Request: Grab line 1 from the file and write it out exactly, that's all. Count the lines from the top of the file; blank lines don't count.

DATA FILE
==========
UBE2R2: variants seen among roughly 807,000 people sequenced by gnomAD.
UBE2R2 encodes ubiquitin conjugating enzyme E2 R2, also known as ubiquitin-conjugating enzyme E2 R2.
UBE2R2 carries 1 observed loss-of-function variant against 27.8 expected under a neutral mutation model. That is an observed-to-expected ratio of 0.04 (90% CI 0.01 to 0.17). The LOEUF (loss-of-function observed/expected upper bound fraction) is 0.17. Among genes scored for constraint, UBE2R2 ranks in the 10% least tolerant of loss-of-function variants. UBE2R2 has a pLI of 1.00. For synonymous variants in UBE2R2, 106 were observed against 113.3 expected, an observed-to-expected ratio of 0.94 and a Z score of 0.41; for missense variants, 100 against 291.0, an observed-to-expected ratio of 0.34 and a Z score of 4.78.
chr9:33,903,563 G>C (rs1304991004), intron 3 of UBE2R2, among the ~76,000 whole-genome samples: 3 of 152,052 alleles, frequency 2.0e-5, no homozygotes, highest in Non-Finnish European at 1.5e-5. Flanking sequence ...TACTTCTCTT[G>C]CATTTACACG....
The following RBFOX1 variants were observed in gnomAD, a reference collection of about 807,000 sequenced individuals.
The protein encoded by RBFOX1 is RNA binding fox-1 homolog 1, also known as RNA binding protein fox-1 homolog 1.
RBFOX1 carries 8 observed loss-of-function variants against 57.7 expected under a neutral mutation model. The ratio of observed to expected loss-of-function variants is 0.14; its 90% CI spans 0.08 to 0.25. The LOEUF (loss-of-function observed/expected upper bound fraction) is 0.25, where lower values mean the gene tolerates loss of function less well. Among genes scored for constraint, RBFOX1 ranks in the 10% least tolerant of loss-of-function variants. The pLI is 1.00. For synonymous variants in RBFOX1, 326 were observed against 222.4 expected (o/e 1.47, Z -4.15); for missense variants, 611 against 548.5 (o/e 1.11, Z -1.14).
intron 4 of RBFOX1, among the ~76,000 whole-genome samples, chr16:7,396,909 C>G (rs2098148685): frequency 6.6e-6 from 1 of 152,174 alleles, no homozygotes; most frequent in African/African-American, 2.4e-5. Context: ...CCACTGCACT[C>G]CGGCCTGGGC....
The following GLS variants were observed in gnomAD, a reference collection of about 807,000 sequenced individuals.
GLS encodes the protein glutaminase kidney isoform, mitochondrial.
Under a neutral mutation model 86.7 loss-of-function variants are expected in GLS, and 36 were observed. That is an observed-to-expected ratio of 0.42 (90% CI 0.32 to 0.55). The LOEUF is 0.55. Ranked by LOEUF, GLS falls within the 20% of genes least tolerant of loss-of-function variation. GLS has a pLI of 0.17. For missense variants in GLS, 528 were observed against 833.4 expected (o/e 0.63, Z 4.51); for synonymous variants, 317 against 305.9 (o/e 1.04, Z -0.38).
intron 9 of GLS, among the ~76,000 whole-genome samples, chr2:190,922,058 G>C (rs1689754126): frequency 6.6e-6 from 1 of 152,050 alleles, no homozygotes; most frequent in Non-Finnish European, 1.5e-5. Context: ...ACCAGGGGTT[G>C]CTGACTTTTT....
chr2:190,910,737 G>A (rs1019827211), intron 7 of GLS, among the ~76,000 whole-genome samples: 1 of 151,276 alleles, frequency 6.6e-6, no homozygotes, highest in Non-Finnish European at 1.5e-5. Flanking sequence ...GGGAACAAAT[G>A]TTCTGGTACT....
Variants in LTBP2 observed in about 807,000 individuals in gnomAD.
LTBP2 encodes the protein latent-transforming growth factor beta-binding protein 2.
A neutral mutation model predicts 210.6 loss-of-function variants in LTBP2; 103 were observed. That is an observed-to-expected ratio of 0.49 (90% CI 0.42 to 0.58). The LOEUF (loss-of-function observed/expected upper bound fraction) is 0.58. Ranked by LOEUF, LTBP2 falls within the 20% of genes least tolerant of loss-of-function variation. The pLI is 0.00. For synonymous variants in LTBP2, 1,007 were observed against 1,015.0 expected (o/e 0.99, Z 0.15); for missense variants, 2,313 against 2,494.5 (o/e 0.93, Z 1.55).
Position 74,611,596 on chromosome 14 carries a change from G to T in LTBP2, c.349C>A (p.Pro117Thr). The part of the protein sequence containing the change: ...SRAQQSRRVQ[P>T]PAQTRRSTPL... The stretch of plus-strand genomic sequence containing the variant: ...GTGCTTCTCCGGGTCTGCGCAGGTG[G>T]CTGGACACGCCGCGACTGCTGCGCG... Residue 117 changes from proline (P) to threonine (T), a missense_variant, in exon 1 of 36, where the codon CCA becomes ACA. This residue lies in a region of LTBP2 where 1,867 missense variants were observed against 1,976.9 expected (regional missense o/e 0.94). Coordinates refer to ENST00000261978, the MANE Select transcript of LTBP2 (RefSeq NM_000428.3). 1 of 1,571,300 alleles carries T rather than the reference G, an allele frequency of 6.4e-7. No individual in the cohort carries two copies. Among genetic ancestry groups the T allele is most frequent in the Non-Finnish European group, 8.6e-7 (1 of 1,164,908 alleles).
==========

UBE2R2: variants seen among roughly 807,000 people sequenced by gnomAD.